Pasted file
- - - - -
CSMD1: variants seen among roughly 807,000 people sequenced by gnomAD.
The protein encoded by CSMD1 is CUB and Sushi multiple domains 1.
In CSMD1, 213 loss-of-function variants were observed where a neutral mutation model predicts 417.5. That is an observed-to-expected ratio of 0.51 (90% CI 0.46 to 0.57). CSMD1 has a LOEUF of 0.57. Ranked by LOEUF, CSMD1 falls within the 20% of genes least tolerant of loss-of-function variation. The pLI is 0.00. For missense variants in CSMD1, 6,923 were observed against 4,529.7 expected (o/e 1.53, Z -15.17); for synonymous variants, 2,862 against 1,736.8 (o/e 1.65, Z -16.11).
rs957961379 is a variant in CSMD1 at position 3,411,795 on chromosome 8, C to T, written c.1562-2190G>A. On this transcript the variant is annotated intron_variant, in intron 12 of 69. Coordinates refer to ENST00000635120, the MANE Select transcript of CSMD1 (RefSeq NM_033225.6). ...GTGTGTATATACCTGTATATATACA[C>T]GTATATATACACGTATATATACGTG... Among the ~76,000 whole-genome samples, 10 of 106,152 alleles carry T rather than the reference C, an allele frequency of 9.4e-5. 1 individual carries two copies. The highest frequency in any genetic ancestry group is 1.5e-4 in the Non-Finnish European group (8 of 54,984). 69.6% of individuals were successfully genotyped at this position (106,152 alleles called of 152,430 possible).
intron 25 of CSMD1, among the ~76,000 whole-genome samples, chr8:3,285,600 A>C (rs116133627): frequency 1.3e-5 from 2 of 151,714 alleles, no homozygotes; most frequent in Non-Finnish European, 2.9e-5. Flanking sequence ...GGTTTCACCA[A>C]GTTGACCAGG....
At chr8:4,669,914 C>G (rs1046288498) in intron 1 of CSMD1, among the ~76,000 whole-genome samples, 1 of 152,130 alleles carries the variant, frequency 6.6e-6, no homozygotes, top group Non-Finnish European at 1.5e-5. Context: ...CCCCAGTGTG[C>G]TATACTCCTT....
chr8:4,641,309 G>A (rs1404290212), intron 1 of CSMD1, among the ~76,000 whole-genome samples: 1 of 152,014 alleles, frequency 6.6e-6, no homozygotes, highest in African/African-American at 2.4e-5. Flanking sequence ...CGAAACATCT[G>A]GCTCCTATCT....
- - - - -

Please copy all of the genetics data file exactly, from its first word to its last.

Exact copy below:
CSMD1: variants seen among roughly 807,000 people sequenced by gnomAD.
The protein encoded by CSMD1 is CUB and Sushi multiple domains 1.
In CSMD1, 213 loss-of-function variants were observed where a neutral mutation model predicts 417.5. That is an observed-to-expected ratio of 0.51 (90% CI 0.46 to 0.57). CSMD1 has a LOEUF of 0.57. Ranked by LOEUF, CSMD1 falls within the 20% of genes least tolerant of loss-of-function variation. The pLI is 0.00. For missense variants in CSMD1, 6,923 were observed against 4,529.7 expected (o/e 1.53, Z -15.17); for synonymous variants, 2,862 against 1,736.8 (o/e 1.65, Z -16.11).
rs957961379 is a variant in CSMD1 at position 3,411,795 on chromosome 8, C to T, written c.1562-2190G>A. On this transcript the variant is annotated intron_variant, in intron 12 of 69. Coordinates refer to ENST00000635120, the MANE Select transcript of CSMD1 (RefSeq NM_033225.6). ...GTGTGTATATACCTGTATATATACA[C>T]GTATATATACACGTATATATACGTG... Among the ~76,000 whole-genome samples, 10 of 106,152 alleles carry T rather than the reference C, an allele frequency of 9.4e-5. 1 individual carries two copies. The highest frequency in any genetic ancestry group is 1.5e-4 in the Non-Finnish European group (8 of 54,984). 69.6% of individuals were successfully genotyped at this position (106,152 alleles called of 152,430 possible).
intron 25 of CSMD1, among the ~76,000 whole-genome samples, chr8:3,285,600 A>C (rs116133627): frequency 1.3e-5 from 2 of 151,714 alleles, no homozygotes; most frequent in Non-Finnish European, 2.9e-5. Flanking sequence ...GGTTTCACCA[A>C]GTTGACCAGG....
At chr8:4,669,914 C>G (rs1046288498) in intron 1 of CSMD1, among the ~76,000 whole-genome samples, 1 of 152,130 alleles carries the variant, frequency 6.6e-6, no homozygotes, top group Non-Finnish European at 1.5e-5. Context: ...CCCCAGTGTG[C>G]TATACTCCTT....
chr8:4,641,309 G>A (rs1404290212), intron 1 of CSMD1, among the ~76,000 whole-genome samples: 1 of 152,014 alleles, frequency 6.6e-6, no homozygotes, highest in African/African-American at 2.4e-5. Flanking sequence ...CGAAACATCT[G>A]GCTCCTATCT....